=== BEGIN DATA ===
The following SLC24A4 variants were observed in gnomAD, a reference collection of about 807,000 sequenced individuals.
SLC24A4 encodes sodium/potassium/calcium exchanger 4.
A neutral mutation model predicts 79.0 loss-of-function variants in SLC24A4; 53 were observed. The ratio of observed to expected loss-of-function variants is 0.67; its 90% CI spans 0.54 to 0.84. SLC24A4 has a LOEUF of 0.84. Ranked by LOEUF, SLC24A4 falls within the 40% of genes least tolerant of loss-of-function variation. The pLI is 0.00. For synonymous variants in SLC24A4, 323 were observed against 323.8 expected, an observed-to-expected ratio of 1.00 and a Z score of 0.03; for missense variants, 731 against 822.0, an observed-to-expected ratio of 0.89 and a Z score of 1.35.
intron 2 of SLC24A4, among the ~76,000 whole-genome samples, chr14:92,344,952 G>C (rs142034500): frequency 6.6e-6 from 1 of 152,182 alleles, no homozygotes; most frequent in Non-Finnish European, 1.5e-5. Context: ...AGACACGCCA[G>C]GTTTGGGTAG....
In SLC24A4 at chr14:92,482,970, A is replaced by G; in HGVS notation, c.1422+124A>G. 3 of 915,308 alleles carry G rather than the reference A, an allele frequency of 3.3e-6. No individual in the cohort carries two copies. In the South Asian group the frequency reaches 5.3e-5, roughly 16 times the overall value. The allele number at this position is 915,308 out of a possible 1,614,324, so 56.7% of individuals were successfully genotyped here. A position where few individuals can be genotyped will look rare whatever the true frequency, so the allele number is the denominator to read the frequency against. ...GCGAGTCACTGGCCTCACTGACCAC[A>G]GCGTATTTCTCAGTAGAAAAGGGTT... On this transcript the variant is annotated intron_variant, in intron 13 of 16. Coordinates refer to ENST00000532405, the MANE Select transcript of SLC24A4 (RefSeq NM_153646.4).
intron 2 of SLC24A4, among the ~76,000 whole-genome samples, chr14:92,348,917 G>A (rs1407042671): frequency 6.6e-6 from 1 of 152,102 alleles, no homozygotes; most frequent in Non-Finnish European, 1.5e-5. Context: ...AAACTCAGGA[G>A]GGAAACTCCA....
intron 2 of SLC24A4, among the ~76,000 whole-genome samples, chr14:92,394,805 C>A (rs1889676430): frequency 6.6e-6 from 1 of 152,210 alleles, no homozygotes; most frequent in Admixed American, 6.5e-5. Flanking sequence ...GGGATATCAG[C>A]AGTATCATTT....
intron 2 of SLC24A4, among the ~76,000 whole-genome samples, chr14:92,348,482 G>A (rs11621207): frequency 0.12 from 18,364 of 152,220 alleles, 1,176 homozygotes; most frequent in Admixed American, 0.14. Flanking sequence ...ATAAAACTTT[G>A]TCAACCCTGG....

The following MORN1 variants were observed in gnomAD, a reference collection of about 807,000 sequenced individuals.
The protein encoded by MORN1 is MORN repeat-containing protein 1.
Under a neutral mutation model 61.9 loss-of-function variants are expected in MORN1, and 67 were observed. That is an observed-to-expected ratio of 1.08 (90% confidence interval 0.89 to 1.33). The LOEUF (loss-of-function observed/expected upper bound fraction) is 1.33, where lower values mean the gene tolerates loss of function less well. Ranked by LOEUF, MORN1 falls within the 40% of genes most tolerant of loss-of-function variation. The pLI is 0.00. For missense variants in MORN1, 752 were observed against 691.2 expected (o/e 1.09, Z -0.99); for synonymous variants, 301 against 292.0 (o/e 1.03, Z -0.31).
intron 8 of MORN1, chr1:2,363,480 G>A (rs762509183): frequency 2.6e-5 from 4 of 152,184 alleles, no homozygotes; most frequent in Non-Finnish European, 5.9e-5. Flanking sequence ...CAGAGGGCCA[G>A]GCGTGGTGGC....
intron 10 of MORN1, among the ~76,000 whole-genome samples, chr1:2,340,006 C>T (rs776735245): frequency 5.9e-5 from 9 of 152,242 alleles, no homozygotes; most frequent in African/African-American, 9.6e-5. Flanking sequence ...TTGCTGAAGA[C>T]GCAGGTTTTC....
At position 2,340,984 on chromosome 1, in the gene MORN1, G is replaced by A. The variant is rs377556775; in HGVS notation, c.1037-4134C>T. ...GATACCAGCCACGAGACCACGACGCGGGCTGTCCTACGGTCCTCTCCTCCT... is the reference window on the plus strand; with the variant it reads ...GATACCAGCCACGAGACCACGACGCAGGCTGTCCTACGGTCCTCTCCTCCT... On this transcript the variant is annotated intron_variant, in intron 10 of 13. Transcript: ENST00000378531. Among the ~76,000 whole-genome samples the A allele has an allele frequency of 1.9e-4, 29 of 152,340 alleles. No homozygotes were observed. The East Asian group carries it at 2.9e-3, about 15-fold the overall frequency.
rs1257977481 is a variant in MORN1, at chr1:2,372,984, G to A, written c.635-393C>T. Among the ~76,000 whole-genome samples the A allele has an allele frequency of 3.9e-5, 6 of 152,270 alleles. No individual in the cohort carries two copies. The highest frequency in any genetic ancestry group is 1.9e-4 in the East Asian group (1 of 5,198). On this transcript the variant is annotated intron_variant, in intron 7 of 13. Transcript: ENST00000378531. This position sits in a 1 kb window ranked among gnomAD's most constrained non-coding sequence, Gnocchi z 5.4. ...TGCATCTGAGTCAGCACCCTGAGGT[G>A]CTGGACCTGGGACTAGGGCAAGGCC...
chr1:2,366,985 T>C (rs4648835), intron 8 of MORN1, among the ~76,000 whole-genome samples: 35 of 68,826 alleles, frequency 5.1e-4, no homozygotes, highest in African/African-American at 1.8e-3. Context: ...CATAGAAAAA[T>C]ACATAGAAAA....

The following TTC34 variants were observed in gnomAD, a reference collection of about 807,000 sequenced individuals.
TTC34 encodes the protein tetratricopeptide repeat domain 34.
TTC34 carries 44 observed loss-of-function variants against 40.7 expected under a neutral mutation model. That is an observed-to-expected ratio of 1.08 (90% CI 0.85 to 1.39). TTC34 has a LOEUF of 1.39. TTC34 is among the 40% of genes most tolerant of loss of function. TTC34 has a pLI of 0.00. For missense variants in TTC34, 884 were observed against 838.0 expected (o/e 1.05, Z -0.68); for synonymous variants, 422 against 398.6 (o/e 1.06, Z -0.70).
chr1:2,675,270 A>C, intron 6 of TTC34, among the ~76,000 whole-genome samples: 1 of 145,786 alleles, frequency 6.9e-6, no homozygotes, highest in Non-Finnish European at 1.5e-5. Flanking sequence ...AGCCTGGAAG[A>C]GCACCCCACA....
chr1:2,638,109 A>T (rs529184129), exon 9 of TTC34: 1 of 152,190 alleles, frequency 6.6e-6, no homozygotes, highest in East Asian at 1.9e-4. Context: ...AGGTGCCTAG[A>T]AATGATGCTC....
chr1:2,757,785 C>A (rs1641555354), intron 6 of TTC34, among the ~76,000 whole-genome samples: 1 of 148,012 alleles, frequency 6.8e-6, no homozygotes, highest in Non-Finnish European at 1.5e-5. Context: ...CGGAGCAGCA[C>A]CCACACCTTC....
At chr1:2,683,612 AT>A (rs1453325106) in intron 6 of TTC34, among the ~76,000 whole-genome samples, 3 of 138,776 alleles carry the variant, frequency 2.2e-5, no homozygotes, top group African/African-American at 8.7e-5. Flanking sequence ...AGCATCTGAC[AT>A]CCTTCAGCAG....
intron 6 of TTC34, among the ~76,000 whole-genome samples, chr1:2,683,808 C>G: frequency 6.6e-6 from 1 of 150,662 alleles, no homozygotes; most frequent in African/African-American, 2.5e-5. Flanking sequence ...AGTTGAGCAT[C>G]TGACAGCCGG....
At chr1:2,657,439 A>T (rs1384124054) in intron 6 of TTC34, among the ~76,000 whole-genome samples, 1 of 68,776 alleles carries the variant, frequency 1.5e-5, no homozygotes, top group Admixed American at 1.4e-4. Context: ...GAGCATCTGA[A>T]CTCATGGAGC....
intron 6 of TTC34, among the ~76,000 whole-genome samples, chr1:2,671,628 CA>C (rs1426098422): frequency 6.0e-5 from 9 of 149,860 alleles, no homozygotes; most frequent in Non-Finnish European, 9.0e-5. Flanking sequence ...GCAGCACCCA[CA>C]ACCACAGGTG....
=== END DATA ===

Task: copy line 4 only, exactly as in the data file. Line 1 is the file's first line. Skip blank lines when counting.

intron 2 of SLC24A4, among the ~76,000 whole-genome samples, chr14:92,344,952 G>C (rs142034500): frequency 6.6e-6 from 1 of 152,182 alleles, no homozygotes; most frequent in Non-Finnish European, 1.5e-5. Context: ...AGACACGCCA[G>C]GTTTGGGTAG....